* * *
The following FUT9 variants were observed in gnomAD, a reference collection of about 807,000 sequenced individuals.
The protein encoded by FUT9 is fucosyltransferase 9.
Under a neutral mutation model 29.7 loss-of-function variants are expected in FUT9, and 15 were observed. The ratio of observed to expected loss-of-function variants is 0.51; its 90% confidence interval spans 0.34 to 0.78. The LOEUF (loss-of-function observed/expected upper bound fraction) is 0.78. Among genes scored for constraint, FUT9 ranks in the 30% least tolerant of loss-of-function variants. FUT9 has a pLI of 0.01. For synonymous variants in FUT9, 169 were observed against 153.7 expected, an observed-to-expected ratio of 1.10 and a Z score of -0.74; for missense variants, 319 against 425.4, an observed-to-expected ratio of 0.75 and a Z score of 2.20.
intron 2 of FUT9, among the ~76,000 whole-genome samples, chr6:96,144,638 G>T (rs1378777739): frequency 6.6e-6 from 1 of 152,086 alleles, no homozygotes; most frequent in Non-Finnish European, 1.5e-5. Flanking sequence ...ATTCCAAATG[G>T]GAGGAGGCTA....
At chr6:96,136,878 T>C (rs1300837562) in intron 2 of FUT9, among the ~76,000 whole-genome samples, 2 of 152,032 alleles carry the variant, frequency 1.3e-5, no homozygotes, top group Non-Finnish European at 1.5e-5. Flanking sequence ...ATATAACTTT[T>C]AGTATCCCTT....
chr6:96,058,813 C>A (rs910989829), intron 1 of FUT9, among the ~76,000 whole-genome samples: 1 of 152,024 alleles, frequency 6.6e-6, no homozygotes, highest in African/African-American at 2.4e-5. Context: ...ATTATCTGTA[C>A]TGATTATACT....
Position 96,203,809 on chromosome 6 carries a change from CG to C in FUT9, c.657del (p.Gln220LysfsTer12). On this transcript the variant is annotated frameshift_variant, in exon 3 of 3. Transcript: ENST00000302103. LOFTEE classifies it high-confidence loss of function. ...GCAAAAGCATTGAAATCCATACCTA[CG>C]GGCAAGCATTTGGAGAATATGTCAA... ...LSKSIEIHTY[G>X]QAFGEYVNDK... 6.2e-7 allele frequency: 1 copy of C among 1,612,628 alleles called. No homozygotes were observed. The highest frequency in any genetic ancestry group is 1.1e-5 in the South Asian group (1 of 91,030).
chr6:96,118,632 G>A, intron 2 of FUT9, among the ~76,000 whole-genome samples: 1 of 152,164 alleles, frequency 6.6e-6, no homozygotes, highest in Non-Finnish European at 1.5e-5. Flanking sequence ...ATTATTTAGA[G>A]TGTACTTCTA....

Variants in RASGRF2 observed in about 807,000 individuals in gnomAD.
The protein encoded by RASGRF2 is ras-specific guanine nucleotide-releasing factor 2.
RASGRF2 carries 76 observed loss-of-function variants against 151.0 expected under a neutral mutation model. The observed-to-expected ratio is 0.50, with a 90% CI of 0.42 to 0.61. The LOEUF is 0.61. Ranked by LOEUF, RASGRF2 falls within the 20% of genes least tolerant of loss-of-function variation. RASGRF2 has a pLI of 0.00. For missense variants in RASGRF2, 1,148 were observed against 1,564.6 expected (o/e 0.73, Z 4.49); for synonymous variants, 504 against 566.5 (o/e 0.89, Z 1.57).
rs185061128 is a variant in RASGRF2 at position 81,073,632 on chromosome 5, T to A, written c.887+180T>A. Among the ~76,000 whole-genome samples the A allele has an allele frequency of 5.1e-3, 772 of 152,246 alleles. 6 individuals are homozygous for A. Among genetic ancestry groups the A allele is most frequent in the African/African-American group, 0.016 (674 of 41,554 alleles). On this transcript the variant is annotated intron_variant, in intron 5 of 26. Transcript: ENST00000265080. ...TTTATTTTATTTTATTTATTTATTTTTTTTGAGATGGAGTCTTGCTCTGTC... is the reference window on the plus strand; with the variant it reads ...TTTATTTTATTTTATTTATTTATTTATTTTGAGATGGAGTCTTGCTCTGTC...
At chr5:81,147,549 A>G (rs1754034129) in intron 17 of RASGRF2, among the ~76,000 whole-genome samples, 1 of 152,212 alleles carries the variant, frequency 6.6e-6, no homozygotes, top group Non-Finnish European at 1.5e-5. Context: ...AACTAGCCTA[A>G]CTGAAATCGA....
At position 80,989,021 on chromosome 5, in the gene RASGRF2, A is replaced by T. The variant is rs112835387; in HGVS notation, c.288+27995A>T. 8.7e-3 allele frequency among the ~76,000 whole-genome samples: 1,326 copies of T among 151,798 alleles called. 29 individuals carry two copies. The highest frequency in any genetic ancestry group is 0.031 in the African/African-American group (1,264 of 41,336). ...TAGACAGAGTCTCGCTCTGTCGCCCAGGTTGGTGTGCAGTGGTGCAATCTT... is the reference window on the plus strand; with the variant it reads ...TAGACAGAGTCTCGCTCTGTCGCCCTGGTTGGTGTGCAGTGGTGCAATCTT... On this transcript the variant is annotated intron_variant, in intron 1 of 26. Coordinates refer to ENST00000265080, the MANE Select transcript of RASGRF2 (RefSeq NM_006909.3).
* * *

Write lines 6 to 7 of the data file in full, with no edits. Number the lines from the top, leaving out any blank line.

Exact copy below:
chr6:96,058,813 C>A (rs910989829), intron 1 of FUT9, among the ~76,000 whole-genome samples: 1 of 152,024 alleles, frequency 6.6e-6, no homozygotes, highest in African/African-American at 2.4e-5. Context: ...ATTATCTGTA[C>A]TGATTATACT....
Position 96,203,809 on chromosome 6 carries a change from CG to C in FUT9, c.657del (p.Gln220LysfsTer12). On this transcript the variant is annotated frameshift_variant, in exon 3 of 3. Transcript: ENST00000302103. LOFTEE classifies it high-confidence loss of function. ...GCAAAAGCATTGAAATCCATACCTA[CG>C]GGCAAGCATTTGGAGAATATGTCAA... ...LSKSIEIHTY[G>X]QAFGEYVNDK... 6.2e-7 allele frequency: 1 copy of C among 1,612,628 alleles called. No homozygotes were observed. The highest frequency in any genetic ancestry group is 1.1e-5 in the South Asian group (1 of 91,030).